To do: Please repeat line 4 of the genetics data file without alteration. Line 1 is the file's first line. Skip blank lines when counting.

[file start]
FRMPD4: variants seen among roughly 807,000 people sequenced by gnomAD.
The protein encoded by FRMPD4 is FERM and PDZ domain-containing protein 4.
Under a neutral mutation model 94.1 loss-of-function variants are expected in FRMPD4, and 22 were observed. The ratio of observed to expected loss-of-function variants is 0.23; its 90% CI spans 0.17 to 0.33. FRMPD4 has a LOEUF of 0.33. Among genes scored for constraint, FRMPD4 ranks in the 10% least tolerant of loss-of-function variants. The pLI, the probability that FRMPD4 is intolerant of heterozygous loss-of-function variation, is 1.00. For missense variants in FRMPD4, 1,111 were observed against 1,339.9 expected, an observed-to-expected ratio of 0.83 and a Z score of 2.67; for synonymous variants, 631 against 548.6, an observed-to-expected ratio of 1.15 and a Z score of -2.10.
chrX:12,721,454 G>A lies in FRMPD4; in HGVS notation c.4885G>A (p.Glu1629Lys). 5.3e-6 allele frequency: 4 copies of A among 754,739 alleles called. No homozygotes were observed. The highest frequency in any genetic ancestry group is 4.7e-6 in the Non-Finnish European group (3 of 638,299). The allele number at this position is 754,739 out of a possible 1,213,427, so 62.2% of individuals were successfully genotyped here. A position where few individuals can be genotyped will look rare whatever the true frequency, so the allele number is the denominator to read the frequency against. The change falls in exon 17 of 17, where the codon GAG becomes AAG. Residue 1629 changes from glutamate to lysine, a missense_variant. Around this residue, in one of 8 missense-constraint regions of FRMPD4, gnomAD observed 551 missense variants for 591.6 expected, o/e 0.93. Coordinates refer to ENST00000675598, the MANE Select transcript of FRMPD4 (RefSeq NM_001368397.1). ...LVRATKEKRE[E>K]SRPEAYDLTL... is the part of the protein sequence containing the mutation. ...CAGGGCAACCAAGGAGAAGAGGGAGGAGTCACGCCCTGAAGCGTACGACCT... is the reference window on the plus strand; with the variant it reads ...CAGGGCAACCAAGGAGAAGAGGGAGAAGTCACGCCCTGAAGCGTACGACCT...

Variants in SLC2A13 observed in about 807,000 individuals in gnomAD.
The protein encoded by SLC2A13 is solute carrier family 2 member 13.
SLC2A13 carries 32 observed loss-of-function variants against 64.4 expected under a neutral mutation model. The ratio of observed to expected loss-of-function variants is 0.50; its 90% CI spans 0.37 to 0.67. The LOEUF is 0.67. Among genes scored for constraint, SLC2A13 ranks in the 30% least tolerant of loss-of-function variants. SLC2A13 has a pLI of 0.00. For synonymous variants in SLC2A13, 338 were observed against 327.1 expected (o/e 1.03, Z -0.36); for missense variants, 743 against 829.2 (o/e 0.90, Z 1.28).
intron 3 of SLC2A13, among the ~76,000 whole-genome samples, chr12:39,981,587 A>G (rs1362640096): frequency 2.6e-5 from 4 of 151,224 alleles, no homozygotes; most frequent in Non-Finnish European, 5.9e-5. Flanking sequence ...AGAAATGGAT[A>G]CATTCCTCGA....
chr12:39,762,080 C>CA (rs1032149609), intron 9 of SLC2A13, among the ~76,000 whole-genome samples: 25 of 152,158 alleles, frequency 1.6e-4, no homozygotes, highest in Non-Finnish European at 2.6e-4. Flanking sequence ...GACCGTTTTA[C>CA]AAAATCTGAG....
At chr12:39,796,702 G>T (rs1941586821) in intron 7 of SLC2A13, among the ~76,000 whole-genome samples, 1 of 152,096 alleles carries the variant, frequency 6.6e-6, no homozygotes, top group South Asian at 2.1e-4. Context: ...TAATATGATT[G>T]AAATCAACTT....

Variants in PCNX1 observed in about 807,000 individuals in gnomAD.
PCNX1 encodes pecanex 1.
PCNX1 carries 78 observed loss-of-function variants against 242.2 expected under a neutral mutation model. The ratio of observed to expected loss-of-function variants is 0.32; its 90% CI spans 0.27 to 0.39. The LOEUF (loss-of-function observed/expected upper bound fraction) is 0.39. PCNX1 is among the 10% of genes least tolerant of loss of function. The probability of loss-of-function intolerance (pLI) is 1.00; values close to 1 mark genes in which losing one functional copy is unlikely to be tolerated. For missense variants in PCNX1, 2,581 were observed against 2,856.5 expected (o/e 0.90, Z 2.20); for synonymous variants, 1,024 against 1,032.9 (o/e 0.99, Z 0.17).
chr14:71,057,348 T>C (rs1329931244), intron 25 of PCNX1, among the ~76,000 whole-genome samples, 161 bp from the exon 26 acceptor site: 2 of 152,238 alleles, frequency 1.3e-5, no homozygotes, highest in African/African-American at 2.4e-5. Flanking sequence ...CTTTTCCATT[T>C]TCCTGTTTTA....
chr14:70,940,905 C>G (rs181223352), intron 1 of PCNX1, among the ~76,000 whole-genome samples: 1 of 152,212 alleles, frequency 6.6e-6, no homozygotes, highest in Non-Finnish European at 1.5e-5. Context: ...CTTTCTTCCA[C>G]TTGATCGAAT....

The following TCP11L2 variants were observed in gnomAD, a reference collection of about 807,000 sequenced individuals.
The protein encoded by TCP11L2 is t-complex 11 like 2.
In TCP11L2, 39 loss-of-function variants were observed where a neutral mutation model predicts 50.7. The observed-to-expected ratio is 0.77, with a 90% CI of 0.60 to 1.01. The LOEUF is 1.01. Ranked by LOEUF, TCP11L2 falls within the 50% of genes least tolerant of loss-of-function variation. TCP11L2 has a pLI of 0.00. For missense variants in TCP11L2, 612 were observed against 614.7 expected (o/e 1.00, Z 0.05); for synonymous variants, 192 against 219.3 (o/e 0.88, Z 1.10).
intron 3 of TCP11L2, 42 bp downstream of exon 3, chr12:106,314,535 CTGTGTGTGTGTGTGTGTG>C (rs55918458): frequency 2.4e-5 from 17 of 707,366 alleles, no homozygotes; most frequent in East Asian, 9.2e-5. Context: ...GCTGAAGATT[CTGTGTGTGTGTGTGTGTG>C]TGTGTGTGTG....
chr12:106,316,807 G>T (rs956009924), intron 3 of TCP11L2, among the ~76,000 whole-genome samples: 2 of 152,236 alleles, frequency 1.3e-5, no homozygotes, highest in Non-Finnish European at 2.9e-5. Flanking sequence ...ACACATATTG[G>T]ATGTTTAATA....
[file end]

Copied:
chrX:12,721,454 G>A lies in FRMPD4; in HGVS notation c.4885G>A (p.Glu1629Lys). 5.3e-6 allele frequency: 4 copies of A among 754,739 alleles called. No homozygotes were observed. The highest frequency in any genetic ancestry group is 4.7e-6 in the Non-Finnish European group (3 of 638,299). The allele number at this position is 754,739 out of a possible 1,213,427, so 62.2% of individuals were successfully genotyped here. A position where few individuals can be genotyped will look rare whatever the true frequency, so the allele number is the denominator to read the frequency against. The change falls in exon 17 of 17, where the codon GAG becomes AAG. Residue 1629 changes from glutamate to lysine, a missense_variant. Around this residue, in one of 8 missense-constraint regions of FRMPD4, gnomAD observed 551 missense variants for 591.6 expected, o/e 0.93. Coordinates refer to ENST00000675598, the MANE Select transcript of FRMPD4 (RefSeq NM_001368397.1). ...LVRATKEKRE[E>K]SRPEAYDLTL... is the part of the protein sequence containing the mutation. ...CAGGGCAACCAAGGAGAAGAGGGAGGAGTCACGCCCTGAAGCGTACGACCT... is the reference window on the plus strand; with the variant it reads ...CAGGGCAACCAAGGAGAAGAGGGAGAAGTCACGCCCTGAAGCGTACGACCT...